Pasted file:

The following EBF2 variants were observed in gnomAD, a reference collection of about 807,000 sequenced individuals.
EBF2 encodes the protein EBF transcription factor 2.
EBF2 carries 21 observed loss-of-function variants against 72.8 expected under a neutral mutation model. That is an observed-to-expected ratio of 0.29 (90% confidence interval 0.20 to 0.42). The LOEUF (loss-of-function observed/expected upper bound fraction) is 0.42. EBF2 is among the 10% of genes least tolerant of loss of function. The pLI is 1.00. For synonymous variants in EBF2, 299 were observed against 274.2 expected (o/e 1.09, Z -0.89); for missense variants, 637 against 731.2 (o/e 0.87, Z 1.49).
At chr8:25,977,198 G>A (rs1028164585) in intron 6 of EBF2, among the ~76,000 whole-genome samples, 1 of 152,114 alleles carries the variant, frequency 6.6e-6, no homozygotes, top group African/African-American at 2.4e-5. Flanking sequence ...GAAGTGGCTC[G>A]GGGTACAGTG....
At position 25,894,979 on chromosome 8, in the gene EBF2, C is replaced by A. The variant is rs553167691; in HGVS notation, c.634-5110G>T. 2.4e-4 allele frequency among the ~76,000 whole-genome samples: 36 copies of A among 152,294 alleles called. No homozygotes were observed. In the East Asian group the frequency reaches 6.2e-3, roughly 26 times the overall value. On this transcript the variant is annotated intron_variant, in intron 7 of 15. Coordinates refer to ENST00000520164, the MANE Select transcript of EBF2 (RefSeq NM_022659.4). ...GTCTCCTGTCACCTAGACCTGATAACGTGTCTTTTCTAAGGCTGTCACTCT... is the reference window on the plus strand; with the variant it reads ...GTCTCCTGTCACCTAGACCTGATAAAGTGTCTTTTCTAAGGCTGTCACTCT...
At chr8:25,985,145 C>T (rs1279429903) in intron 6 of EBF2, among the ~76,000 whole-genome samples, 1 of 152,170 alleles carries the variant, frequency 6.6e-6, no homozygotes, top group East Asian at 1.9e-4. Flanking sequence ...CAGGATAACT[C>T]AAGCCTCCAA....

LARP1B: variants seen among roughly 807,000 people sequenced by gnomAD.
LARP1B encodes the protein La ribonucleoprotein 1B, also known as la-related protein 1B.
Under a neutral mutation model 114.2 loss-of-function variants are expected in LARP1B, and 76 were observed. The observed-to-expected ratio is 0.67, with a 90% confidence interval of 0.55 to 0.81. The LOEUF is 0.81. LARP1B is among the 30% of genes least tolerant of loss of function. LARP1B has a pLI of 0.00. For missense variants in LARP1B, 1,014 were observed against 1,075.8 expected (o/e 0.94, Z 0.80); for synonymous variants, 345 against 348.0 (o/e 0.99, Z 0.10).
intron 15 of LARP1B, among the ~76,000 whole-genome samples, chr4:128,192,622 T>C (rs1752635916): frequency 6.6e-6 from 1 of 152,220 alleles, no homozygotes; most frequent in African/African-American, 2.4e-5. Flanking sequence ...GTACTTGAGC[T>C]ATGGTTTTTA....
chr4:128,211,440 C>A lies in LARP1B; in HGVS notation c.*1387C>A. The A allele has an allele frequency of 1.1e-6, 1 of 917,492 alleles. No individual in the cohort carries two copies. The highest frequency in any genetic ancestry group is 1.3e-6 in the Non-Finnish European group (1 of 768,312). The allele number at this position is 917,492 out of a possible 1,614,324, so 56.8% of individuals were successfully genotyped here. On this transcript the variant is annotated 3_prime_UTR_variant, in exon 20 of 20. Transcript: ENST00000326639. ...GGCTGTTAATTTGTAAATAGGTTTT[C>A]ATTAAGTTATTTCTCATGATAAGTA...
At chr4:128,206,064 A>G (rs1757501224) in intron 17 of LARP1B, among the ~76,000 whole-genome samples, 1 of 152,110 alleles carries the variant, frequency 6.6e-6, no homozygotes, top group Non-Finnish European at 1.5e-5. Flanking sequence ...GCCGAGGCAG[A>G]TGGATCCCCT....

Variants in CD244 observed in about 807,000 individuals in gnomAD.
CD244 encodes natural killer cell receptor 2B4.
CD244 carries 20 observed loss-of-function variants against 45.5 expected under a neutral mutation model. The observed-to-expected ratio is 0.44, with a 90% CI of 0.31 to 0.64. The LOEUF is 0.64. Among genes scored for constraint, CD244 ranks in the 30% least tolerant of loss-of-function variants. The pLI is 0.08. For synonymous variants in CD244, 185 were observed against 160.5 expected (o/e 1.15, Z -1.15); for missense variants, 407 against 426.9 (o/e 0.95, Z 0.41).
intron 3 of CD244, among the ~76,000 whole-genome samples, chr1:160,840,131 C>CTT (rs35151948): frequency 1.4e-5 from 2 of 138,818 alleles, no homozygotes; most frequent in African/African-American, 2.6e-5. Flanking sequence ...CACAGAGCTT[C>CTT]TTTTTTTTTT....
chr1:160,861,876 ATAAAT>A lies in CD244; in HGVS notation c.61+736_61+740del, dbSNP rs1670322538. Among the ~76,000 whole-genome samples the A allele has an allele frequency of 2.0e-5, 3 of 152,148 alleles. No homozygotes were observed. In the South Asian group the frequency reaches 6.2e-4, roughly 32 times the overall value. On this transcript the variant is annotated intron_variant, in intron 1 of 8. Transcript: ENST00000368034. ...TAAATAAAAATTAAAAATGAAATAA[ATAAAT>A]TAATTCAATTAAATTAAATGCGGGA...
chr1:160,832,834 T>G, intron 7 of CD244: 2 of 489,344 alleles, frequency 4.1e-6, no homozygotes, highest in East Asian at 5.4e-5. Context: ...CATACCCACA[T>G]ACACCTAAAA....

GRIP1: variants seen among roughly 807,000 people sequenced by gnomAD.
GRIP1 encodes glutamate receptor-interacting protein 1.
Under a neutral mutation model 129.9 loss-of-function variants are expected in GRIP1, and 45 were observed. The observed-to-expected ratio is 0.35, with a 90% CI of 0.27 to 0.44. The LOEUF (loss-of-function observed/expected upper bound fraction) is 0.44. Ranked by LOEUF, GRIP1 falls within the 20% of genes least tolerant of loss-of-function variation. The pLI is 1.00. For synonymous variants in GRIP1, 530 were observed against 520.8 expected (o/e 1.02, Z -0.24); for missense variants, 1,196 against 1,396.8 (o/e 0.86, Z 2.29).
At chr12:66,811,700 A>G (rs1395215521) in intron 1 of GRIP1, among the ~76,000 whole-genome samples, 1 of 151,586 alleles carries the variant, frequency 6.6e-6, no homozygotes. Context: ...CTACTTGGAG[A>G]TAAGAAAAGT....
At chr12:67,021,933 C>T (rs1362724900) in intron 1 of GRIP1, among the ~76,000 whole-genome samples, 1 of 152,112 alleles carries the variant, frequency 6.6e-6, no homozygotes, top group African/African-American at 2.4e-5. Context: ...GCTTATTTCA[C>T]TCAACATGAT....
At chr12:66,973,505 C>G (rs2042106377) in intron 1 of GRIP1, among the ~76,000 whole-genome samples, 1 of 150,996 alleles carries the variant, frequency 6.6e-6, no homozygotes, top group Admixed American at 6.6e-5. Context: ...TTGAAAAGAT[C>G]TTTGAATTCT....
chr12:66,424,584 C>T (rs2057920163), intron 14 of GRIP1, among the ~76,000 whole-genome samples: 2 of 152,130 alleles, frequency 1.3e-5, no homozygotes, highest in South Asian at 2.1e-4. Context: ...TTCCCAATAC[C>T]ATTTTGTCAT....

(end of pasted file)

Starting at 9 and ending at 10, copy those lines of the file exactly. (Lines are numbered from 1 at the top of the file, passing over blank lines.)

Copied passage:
Under a neutral mutation model 114.2 loss-of-function variants are expected in LARP1B, and 76 were observed. The observed-to-expected ratio is 0.67, with a 90% confidence interval of 0.55 to 0.81. The LOEUF is 0.81. LARP1B is among the 30% of genes least tolerant of loss of function. LARP1B has a pLI of 0.00. For missense variants in LARP1B, 1,014 were observed against 1,075.8 expected (o/e 0.94, Z 0.80); for synonymous variants, 345 against 348.0 (o/e 0.99, Z 0.10).
intron 15 of LARP1B, among the ~76,000 whole-genome samples, chr4:128,192,622 T>C (rs1752635916): frequency 6.6e-6 from 1 of 152,220 alleles, no homozygotes; most frequent in African/African-American, 2.4e-5. Flanking sequence ...GTACTTGAGC[T>C]ATGGTTTTTA....